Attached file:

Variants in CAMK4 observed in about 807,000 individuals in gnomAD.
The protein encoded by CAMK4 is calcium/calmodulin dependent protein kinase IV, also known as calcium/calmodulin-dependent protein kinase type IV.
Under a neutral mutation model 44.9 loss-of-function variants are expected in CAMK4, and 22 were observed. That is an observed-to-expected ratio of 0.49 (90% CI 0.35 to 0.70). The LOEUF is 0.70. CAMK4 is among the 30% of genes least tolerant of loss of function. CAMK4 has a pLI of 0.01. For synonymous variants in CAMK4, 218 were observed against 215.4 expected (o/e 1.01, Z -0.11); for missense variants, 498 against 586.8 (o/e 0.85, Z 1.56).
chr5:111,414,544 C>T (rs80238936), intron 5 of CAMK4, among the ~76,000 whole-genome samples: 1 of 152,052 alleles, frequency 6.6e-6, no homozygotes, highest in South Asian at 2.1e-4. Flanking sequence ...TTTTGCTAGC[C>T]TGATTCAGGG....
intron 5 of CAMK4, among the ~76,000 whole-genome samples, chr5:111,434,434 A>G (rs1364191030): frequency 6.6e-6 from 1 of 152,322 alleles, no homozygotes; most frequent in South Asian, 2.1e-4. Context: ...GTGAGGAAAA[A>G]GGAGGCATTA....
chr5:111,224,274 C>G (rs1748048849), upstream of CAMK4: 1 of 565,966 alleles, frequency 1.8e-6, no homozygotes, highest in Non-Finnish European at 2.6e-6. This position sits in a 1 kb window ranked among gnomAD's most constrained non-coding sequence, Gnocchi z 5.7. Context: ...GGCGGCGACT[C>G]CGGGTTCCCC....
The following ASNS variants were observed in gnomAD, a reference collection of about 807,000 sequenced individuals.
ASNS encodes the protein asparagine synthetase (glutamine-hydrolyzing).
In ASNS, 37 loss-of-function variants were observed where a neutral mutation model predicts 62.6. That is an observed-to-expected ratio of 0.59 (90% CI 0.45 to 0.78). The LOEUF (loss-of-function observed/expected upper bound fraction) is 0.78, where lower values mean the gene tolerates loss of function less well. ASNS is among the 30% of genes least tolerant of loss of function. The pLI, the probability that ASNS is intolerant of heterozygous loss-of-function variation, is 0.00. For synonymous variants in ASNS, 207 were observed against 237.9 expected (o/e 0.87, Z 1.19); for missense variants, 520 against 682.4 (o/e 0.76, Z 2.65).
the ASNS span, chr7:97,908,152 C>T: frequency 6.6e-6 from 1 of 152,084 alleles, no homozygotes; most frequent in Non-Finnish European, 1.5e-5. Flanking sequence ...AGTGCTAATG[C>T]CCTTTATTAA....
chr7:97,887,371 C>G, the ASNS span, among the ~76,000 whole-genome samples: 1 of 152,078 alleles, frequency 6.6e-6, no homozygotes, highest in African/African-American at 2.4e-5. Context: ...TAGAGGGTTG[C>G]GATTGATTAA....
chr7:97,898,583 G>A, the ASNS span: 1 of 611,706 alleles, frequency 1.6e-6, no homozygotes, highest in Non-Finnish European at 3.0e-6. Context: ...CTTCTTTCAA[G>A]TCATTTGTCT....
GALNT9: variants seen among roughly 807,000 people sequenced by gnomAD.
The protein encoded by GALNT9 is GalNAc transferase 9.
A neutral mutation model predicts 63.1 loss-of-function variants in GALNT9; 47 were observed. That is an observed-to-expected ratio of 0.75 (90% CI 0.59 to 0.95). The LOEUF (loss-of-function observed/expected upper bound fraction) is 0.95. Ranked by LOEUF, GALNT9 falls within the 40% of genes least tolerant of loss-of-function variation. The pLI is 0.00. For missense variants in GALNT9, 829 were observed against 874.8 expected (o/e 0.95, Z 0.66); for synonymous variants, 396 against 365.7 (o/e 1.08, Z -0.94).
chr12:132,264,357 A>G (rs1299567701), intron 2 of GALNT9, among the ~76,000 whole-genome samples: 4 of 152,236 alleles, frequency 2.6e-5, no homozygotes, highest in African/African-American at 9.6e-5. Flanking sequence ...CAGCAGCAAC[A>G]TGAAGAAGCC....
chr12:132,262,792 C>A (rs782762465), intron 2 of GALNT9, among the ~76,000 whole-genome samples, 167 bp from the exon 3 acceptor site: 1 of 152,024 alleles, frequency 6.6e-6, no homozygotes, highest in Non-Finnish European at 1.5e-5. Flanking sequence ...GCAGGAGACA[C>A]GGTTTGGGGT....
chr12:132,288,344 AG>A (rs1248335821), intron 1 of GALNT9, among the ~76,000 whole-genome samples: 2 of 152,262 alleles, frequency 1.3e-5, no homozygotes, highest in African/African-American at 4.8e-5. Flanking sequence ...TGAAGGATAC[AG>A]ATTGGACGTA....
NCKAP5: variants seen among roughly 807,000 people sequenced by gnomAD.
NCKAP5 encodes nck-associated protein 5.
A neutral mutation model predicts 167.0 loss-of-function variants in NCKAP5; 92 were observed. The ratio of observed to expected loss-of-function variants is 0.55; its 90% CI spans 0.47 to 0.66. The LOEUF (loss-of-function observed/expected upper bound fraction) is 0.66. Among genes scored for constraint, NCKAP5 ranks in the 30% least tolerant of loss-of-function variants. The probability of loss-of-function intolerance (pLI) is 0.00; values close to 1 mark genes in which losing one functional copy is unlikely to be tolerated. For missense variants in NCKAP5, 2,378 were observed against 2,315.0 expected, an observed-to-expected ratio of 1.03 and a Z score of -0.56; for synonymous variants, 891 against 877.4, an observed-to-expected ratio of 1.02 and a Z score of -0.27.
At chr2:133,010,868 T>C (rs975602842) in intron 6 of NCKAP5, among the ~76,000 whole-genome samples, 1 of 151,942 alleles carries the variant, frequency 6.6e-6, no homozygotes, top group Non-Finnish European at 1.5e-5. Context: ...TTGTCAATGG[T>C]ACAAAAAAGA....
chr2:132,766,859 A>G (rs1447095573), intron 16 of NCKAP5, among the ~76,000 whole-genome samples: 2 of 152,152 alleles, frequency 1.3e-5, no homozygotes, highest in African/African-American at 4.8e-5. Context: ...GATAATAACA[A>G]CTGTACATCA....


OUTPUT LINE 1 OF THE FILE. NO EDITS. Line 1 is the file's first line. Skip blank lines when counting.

Variants in CAMK4 observed in about 807,000 individuals in gnomAD.